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Promiseland members ‘Meet a Need’ with help from World Hunger Fund

LITTLE ROCK, Ark. (BP)–Acting on what he felt was God’s calling, pharmaceutical salesman Antoine Scruggs, at age 31, resigned his job and, along with five other people, started Promiseland Church in Little Rock, Ark., in 1997.

Realizing that the gospel must be lived as well as preached, the group began immediately ministering to the community around them, with the motto “Meet a Need: Plant a Seed.”

God’s blessings on the effort include average attendance of more than 200 and a church building that was virtually given them by a declining church in the neighborhood. “God has provided this facility for us to use in his work,” Scruggs said, then noting, “We are already beginning to run out of space for Sunday school.”

Staffed primarily by volunteers, church programs are numerous and varied.

With help from the Southern Baptist World Hunger Fund, an after-school program known as “Promise University” provides children with a snack and help with their homework.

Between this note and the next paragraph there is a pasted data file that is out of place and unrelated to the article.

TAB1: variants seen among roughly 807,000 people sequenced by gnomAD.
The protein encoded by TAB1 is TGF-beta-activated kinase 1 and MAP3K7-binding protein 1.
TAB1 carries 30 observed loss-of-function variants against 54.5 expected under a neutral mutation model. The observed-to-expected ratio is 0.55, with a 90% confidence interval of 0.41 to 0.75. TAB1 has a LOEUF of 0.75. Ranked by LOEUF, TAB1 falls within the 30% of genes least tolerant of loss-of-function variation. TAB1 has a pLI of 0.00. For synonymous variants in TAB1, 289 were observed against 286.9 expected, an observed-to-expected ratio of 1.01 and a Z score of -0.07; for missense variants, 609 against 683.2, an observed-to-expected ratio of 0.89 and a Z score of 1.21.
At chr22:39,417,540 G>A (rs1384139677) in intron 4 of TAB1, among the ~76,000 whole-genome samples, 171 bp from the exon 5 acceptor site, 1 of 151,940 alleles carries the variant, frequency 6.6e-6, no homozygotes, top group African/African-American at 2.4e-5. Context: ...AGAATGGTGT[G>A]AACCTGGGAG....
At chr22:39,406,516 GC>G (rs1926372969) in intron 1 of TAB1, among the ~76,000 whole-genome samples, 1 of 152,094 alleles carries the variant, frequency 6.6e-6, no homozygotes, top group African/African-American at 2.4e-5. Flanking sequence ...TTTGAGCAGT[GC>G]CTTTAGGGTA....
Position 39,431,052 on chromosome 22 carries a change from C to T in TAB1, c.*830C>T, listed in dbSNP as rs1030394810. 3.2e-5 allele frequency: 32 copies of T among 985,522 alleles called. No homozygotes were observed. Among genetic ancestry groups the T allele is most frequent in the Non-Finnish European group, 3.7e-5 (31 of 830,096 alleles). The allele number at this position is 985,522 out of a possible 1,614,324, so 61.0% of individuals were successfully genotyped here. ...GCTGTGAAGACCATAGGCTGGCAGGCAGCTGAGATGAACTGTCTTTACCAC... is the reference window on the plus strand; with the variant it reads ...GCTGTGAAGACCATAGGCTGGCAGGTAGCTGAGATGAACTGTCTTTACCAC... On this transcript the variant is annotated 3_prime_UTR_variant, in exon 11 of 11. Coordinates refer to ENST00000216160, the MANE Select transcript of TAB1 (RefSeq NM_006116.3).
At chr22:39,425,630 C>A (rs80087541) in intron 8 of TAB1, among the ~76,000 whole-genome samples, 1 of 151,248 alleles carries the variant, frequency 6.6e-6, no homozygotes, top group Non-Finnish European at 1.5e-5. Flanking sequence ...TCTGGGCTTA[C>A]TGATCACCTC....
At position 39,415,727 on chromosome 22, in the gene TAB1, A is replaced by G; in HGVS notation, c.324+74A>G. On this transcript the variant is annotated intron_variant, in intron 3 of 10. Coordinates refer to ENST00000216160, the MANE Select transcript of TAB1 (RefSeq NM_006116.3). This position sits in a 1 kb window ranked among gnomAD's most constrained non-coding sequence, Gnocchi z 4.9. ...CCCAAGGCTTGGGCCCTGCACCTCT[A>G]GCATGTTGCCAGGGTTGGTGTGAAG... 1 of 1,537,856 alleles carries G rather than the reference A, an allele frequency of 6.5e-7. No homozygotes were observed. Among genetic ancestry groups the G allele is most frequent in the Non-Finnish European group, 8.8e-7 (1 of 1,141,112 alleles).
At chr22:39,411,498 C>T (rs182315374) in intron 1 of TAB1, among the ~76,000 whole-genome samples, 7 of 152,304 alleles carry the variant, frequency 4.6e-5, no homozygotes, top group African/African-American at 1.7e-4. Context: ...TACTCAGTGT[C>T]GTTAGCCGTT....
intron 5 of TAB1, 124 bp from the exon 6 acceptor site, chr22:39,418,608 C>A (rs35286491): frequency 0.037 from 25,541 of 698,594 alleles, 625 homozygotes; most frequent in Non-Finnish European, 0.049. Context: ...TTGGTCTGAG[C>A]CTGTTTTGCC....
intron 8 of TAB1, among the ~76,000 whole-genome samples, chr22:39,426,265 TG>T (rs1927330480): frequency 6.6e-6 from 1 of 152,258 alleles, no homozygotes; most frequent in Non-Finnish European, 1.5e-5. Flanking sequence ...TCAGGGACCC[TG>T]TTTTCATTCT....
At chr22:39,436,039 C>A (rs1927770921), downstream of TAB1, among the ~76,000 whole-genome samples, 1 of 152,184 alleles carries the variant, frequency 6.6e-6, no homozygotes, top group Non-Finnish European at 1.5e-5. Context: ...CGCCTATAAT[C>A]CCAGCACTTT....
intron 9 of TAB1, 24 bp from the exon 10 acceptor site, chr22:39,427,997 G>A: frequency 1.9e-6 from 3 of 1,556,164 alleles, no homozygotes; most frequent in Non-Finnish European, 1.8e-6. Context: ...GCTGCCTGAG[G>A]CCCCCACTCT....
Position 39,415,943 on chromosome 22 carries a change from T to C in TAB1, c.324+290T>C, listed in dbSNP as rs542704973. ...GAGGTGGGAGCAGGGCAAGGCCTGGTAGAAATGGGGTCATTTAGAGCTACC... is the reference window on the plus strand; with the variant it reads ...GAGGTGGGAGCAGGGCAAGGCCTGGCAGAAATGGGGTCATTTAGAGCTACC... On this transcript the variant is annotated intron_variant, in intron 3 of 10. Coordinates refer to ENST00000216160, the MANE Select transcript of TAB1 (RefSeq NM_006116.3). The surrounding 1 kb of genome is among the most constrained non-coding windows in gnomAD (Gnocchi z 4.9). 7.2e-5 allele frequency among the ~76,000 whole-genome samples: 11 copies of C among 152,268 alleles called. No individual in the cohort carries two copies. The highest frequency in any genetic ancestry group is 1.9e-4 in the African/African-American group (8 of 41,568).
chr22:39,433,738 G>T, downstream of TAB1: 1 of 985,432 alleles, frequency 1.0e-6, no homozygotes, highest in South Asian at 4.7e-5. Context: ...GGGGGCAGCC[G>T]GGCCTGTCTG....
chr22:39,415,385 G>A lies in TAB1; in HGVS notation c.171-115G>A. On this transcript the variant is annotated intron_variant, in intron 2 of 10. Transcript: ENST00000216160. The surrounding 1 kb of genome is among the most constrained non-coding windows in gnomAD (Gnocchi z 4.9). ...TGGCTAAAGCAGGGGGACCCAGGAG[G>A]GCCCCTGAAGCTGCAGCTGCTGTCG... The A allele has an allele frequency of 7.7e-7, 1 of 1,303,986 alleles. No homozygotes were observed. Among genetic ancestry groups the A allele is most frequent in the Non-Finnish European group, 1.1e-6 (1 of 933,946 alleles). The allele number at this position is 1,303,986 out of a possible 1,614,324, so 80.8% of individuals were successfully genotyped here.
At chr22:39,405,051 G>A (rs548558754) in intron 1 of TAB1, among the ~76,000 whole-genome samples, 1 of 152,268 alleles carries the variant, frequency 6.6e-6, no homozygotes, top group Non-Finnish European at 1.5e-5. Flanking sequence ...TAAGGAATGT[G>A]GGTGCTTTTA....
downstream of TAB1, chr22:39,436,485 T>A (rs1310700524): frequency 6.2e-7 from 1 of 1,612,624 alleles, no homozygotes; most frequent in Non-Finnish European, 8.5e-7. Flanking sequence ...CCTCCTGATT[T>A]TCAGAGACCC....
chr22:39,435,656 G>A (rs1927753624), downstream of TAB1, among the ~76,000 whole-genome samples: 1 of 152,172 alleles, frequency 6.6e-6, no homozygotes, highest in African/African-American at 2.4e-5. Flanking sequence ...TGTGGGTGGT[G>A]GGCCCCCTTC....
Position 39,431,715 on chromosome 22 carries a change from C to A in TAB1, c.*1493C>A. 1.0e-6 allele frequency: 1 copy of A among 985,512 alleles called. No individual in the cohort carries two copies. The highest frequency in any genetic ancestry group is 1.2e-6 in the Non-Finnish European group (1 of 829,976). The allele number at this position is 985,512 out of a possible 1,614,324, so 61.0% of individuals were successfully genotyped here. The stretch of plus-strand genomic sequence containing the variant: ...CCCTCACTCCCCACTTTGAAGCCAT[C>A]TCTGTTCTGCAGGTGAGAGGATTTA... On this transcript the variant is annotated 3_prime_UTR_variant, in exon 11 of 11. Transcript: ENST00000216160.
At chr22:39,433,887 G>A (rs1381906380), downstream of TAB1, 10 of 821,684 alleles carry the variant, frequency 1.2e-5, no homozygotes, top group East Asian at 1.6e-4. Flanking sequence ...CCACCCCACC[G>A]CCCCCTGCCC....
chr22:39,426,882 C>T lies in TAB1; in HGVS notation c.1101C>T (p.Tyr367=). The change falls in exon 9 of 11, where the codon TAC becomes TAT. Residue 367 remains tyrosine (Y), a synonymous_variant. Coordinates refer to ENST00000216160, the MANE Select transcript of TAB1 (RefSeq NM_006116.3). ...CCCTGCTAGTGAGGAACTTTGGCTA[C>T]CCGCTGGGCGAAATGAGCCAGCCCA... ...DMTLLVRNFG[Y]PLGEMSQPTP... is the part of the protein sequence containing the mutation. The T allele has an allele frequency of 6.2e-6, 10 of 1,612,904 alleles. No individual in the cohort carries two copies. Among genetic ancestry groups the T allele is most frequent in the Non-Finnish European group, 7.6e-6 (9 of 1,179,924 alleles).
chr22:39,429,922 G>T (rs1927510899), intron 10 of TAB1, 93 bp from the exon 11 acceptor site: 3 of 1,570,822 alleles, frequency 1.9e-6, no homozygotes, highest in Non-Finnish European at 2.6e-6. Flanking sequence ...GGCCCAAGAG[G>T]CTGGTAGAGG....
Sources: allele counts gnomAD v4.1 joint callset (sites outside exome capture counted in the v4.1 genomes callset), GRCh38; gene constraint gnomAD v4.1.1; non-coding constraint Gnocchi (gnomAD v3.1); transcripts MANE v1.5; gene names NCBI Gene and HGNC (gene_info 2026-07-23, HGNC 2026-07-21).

Hunger funds also made it possible for the church to distribute Thanksgiving and Christmas baskets to the needy in the community.

Three basketball teams provide youth with snacks and involvement in a spiritual atmosphere.

The church’s day-camp summer program provides balanced meals to needy children while teaching them of Christ’s love through activities and Bible studies. A preschool program called “Promise Christian Academy” will begin in the fall.

One visit to the church, even during the week, reveals an active, enthusiastic church body. Virtually every member gets involved in some way.

Some teach while others work to renovate the church’s recently acquired building. Still other volunteers distribute food and counsel the needy who come by for help.

In the proliferation of these activities, the purpose of winning people to Christ is central. Over the past two years, the church has seen more than 70 baptisms. One 11-year-old boy, a former gang member, came to saving faith in Jesus Christ after becoming involved in activities at the church.

Gifts to the Southern Baptist World Hunger Fund assist ministries like this one across the United States and in more than 50 other countries. With personnel and volunteers already in place, all gifts are used 100 percent for hunger with nothing taken out for administration or promotion. Anyone desiring information how they or their church can support the Southern Baptist World Hunger Fund may contact the SBC’s Ethics & Religious Liberty Commission at 1-800-475-9127.

    About the Author

  • Steven S. Nelson